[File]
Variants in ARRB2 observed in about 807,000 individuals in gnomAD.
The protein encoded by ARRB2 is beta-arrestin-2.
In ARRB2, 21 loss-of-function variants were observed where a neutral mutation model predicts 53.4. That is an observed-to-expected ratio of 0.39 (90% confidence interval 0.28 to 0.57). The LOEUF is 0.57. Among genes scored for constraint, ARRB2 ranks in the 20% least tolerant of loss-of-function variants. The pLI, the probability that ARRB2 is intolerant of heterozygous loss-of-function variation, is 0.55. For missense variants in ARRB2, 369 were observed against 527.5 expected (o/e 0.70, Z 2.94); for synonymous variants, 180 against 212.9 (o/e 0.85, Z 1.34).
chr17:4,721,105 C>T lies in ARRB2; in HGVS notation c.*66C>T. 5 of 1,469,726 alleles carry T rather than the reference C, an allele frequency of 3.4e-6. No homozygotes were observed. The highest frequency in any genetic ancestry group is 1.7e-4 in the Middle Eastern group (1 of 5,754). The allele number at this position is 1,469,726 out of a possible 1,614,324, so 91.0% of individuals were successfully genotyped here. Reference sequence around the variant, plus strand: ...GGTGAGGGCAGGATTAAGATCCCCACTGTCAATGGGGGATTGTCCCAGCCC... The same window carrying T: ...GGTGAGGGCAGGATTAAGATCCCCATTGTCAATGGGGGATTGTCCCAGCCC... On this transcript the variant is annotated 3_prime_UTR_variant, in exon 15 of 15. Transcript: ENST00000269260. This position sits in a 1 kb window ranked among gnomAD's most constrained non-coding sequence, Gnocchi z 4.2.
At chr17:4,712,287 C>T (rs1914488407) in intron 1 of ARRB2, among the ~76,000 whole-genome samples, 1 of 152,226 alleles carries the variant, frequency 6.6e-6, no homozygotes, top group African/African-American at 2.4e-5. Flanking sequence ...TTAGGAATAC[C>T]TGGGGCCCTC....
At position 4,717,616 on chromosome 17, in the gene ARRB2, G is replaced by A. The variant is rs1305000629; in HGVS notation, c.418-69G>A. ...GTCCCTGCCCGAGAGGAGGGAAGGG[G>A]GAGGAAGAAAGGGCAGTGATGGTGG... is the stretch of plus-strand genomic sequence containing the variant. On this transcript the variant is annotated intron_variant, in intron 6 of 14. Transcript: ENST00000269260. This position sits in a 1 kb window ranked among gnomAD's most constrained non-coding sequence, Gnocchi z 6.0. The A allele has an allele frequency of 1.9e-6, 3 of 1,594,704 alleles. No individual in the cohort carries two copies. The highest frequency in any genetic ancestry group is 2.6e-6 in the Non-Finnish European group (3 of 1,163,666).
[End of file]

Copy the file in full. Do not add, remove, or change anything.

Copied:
Variants in ARRB2 observed in about 807,000 individuals in gnomAD.
The protein encoded by ARRB2 is beta-arrestin-2.
In ARRB2, 21 loss-of-function variants were observed where a neutral mutation model predicts 53.4. That is an observed-to-expected ratio of 0.39 (90% confidence interval 0.28 to 0.57). The LOEUF is 0.57. Among genes scored for constraint, ARRB2 ranks in the 20% least tolerant of loss-of-function variants. The pLI, the probability that ARRB2 is intolerant of heterozygous loss-of-function variation, is 0.55. For missense variants in ARRB2, 369 were observed against 527.5 expected (o/e 0.70, Z 2.94); for synonymous variants, 180 against 212.9 (o/e 0.85, Z 1.34).
chr17:4,721,105 C>T lies in ARRB2; in HGVS notation c.*66C>T. 5 of 1,469,726 alleles carry T rather than the reference C, an allele frequency of 3.4e-6. No homozygotes were observed. The highest frequency in any genetic ancestry group is 1.7e-4 in the Middle Eastern group (1 of 5,754). The allele number at this position is 1,469,726 out of a possible 1,614,324, so 91.0% of individuals were successfully genotyped here. Reference sequence around the variant, plus strand: ...GGTGAGGGCAGGATTAAGATCCCCACTGTCAATGGGGGATTGTCCCAGCCC... The same window carrying T: ...GGTGAGGGCAGGATTAAGATCCCCATTGTCAATGGGGGATTGTCCCAGCCC... On this transcript the variant is annotated 3_prime_UTR_variant, in exon 15 of 15. Transcript: ENST00000269260. This position sits in a 1 kb window ranked among gnomAD's most constrained non-coding sequence, Gnocchi z 4.2.
At chr17:4,712,287 C>T (rs1914488407) in intron 1 of ARRB2, among the ~76,000 whole-genome samples, 1 of 152,226 alleles carries the variant, frequency 6.6e-6, no homozygotes, top group African/African-American at 2.4e-5. Flanking sequence ...TTAGGAATAC[C>T]TGGGGCCCTC....
At position 4,717,616 on chromosome 17, in the gene ARRB2, G is replaced by A. The variant is rs1305000629; in HGVS notation, c.418-69G>A. ...GTCCCTGCCCGAGAGGAGGGAAGGG[G>A]GAGGAAGAAAGGGCAGTGATGGTGG... is the stretch of plus-strand genomic sequence containing the variant. On this transcript the variant is annotated intron_variant, in intron 6 of 14. Transcript: ENST00000269260. This position sits in a 1 kb window ranked among gnomAD's most constrained non-coding sequence, Gnocchi z 6.0. The A allele has an allele frequency of 1.9e-6, 3 of 1,594,704 alleles. No individual in the cohort carries two copies. The highest frequency in any genetic ancestry group is 2.6e-6 in the Non-Finnish European group (3 of 1,163,666).